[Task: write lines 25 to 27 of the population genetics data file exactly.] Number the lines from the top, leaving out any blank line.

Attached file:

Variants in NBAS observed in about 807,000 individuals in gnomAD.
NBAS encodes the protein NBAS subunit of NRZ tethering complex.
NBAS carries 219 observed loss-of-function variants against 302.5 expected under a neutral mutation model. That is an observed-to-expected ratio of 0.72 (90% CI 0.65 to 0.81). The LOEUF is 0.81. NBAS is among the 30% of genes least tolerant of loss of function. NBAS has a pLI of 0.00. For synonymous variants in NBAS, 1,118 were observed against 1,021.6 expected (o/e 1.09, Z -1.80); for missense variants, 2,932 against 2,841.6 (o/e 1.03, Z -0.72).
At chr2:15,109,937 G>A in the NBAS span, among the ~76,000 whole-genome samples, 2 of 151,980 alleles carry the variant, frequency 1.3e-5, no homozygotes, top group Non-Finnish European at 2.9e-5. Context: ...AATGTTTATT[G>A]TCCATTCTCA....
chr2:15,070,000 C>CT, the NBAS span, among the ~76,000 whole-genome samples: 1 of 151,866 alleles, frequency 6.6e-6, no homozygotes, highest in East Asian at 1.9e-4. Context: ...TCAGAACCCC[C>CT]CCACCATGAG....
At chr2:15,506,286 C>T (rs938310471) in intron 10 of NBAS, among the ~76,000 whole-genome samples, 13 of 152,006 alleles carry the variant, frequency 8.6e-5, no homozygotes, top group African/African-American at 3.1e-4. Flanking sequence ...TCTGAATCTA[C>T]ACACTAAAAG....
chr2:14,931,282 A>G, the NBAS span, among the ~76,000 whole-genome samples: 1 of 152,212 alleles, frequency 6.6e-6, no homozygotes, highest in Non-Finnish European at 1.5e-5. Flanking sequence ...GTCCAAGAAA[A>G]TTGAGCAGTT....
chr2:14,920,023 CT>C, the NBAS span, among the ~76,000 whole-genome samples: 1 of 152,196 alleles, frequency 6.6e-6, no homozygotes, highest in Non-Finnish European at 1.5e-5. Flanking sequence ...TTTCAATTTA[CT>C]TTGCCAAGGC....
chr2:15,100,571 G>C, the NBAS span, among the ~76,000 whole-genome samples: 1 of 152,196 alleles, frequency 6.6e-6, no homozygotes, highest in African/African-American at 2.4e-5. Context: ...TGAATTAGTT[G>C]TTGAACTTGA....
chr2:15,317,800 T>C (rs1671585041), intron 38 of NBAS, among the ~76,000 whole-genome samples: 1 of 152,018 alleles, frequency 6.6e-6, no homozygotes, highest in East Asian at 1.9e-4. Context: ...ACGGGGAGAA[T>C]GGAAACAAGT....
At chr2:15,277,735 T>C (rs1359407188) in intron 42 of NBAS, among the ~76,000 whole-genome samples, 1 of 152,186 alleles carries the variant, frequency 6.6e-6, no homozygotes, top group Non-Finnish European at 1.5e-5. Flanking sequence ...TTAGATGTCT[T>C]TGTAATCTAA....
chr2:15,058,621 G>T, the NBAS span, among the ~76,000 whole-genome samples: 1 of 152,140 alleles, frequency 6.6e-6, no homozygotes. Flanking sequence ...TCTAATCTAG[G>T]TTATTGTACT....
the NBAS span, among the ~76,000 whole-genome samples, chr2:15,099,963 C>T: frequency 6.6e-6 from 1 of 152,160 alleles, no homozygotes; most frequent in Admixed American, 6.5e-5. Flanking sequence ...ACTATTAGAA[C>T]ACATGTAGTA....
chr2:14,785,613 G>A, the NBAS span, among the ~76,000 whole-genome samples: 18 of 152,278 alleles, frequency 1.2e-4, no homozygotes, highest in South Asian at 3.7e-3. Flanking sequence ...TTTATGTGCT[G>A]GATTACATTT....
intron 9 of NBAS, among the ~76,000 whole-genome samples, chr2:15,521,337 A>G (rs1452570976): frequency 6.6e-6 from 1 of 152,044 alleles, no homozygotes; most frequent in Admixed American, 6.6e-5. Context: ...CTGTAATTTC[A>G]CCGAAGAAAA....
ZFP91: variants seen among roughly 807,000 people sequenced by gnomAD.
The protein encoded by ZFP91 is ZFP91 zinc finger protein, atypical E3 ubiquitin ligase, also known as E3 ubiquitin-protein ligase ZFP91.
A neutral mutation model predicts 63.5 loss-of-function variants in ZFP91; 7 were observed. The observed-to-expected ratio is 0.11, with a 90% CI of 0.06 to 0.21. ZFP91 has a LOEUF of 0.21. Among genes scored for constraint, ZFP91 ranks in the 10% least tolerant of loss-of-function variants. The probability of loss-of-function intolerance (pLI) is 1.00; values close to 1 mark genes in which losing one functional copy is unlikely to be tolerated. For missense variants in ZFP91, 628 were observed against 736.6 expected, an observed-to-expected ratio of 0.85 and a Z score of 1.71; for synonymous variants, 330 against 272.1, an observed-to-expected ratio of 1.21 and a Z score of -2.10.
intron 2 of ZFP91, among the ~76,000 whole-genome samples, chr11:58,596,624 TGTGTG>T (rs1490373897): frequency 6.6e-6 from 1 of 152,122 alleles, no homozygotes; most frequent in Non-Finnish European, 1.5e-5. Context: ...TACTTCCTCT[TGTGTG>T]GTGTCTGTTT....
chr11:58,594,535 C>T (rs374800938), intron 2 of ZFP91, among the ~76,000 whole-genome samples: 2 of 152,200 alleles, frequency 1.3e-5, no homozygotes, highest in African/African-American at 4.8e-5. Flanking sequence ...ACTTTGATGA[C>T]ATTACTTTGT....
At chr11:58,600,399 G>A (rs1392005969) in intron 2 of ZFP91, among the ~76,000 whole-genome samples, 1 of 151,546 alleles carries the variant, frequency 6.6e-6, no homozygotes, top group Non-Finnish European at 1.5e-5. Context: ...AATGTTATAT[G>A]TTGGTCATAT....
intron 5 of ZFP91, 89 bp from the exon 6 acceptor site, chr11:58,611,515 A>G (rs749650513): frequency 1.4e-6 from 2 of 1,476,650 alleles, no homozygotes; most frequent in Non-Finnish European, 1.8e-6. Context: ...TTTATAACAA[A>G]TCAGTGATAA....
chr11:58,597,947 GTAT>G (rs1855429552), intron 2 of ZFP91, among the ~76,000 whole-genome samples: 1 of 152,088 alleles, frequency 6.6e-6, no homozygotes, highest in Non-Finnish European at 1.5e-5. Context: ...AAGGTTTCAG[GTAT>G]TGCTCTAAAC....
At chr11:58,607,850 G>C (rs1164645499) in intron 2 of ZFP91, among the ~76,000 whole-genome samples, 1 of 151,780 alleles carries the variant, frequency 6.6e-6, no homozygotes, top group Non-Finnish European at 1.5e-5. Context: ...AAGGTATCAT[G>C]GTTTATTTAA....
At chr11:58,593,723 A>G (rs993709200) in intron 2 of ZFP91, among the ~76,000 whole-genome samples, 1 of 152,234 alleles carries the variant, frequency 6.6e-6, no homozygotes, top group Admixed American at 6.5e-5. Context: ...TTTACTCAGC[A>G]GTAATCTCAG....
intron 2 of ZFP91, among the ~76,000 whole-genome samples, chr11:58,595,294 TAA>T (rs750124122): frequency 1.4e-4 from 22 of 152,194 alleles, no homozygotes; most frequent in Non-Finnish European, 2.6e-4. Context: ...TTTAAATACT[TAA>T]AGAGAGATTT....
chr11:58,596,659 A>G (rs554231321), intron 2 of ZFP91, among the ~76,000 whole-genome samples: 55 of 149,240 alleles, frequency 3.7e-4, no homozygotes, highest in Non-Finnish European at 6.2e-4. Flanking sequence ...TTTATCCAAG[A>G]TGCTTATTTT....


At chr11:58,593,723 A>G (rs993709200) in intron 2 of ZFP91, among the ~76,000 whole-genome samples, 1 of 152,234 alleles carries the variant, frequency 6.6e-6, no homozygotes, top group Admixed American at 6.5e-5. Context: ...TTTACTCAGC[A>G]GTAATCTCAG....
intron 2 of ZFP91, among the ~76,000 whole-genome samples, chr11:58,595,294 TAA>T (rs750124122): frequency 1.4e-4 from 22 of 152,194 alleles, no homozygotes; most frequent in Non-Finnish European, 2.6e-4. Context: ...TTTAAATACT[TAA>T]AGAGAGATTT....
chr11:58,596,659 A>G (rs554231321), intron 2 of ZFP91, among the ~76,000 whole-genome samples: 55 of 149,240 alleles, frequency 3.7e-4, no homozygotes, highest in Non-Finnish European at 6.2e-4. Flanking sequence ...TTTATCCAAG[A>G]TGCTTATTTT....